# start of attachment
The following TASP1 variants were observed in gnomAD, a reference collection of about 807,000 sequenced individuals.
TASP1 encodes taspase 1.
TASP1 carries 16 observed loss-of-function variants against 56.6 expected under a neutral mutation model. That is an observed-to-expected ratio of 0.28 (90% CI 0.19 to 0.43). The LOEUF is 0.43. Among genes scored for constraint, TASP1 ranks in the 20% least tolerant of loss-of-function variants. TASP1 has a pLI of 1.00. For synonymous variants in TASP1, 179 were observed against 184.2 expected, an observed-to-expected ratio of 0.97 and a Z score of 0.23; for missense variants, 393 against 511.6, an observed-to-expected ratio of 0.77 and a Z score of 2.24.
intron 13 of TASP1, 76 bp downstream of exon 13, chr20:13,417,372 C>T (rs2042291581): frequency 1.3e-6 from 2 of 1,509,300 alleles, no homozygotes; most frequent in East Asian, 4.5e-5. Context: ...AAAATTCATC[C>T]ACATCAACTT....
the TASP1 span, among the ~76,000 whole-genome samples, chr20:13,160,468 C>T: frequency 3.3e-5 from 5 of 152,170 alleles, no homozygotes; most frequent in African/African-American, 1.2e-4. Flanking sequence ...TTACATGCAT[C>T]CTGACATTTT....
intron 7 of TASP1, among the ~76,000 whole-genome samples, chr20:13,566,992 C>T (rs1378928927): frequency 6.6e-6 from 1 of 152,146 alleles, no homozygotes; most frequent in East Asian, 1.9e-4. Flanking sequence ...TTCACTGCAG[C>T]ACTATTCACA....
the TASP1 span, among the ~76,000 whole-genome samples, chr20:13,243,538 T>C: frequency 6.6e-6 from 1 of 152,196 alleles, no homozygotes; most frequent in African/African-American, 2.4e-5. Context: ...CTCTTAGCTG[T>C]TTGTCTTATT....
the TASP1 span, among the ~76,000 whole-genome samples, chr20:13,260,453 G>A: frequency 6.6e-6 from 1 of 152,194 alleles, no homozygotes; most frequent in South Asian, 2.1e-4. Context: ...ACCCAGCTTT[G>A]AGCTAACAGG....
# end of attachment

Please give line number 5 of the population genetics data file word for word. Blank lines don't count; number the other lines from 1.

the TASP1 span, among the ~76,000 whole-genome samples, chr20:13,160,468 C>T: frequency 3.3e-5 from 5 of 152,170 alleles, no homozygotes; most frequent in African/African-American, 1.2e-4. Flanking sequence ...TTACATGCAT[C>T]CTGACATTTT....